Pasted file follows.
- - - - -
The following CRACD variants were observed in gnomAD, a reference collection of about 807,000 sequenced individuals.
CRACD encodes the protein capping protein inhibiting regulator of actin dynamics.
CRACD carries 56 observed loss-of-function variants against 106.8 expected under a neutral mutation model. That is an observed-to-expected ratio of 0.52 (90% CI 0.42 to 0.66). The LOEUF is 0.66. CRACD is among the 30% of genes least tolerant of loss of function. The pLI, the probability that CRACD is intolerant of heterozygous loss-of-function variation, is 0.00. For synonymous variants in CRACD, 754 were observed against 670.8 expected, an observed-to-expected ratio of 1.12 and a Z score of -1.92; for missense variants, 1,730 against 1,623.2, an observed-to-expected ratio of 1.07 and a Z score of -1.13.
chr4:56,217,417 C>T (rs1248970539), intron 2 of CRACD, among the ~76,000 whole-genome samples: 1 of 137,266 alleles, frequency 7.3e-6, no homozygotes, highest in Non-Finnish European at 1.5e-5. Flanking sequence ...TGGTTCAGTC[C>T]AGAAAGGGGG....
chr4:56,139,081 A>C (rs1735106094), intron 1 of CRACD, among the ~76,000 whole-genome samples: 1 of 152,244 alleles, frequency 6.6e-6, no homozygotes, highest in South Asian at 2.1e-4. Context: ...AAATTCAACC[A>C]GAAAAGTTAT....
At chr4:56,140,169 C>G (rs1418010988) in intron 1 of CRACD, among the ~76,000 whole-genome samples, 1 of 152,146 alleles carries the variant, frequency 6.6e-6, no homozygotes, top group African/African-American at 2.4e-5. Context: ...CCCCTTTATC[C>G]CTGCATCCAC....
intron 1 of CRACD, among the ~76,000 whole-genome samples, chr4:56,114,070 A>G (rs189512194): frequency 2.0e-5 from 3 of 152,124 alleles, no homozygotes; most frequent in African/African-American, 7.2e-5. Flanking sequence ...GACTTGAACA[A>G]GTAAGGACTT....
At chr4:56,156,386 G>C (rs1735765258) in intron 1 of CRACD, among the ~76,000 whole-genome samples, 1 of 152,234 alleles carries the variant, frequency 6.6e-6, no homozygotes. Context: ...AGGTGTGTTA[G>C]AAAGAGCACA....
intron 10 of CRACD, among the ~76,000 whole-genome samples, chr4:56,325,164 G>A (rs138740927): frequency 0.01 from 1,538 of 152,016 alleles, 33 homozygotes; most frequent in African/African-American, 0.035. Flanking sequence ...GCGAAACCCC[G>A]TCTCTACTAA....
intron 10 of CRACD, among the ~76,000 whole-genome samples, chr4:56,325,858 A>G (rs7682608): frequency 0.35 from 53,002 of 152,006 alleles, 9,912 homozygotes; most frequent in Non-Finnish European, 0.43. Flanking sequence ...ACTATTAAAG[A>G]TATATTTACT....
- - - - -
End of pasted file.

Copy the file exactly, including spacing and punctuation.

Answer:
The following CRACD variants were observed in gnomAD, a reference collection of about 807,000 sequenced individuals.
CRACD encodes the protein capping protein inhibiting regulator of actin dynamics.
CRACD carries 56 observed loss-of-function variants against 106.8 expected under a neutral mutation model. That is an observed-to-expected ratio of 0.52 (90% CI 0.42 to 0.66). The LOEUF is 0.66. CRACD is among the 30% of genes least tolerant of loss of function. The pLI, the probability that CRACD is intolerant of heterozygous loss-of-function variation, is 0.00. For synonymous variants in CRACD, 754 were observed against 670.8 expected, an observed-to-expected ratio of 1.12 and a Z score of -1.92; for missense variants, 1,730 against 1,623.2, an observed-to-expected ratio of 1.07 and a Z score of -1.13.
chr4:56,217,417 C>T (rs1248970539), intron 2 of CRACD, among the ~76,000 whole-genome samples: 1 of 137,266 alleles, frequency 7.3e-6, no homozygotes, highest in Non-Finnish European at 1.5e-5. Flanking sequence ...TGGTTCAGTC[C>T]AGAAAGGGGG....
chr4:56,139,081 A>C (rs1735106094), intron 1 of CRACD, among the ~76,000 whole-genome samples: 1 of 152,244 alleles, frequency 6.6e-6, no homozygotes, highest in South Asian at 2.1e-4. Context: ...AAATTCAACC[A>C]GAAAAGTTAT....
At chr4:56,140,169 C>G (rs1418010988) in intron 1 of CRACD, among the ~76,000 whole-genome samples, 1 of 152,146 alleles carries the variant, frequency 6.6e-6, no homozygotes, top group African/African-American at 2.4e-5. Context: ...CCCCTTTATC[C>G]CTGCATCCAC....
intron 1 of CRACD, among the ~76,000 whole-genome samples, chr4:56,114,070 A>G (rs189512194): frequency 2.0e-5 from 3 of 152,124 alleles, no homozygotes; most frequent in African/African-American, 7.2e-5. Flanking sequence ...GACTTGAACA[A>G]GTAAGGACTT....
At chr4:56,156,386 G>C (rs1735765258) in intron 1 of CRACD, among the ~76,000 whole-genome samples, 1 of 152,234 alleles carries the variant, frequency 6.6e-6, no homozygotes. Context: ...AGGTGTGTTA[G>C]AAAGAGCACA....
intron 10 of CRACD, among the ~76,000 whole-genome samples, chr4:56,325,164 G>A (rs138740927): frequency 0.01 from 1,538 of 152,016 alleles, 33 homozygotes; most frequent in African/African-American, 0.035. Flanking sequence ...GCGAAACCCC[G>A]TCTCTACTAA....
intron 10 of CRACD, among the ~76,000 whole-genome samples, chr4:56,325,858 A>G (rs7682608): frequency 0.35 from 53,002 of 152,006 alleles, 9,912 homozygotes; most frequent in Non-Finnish European, 0.43. Flanking sequence ...ACTATTAAAG[A>G]TATATTTACT....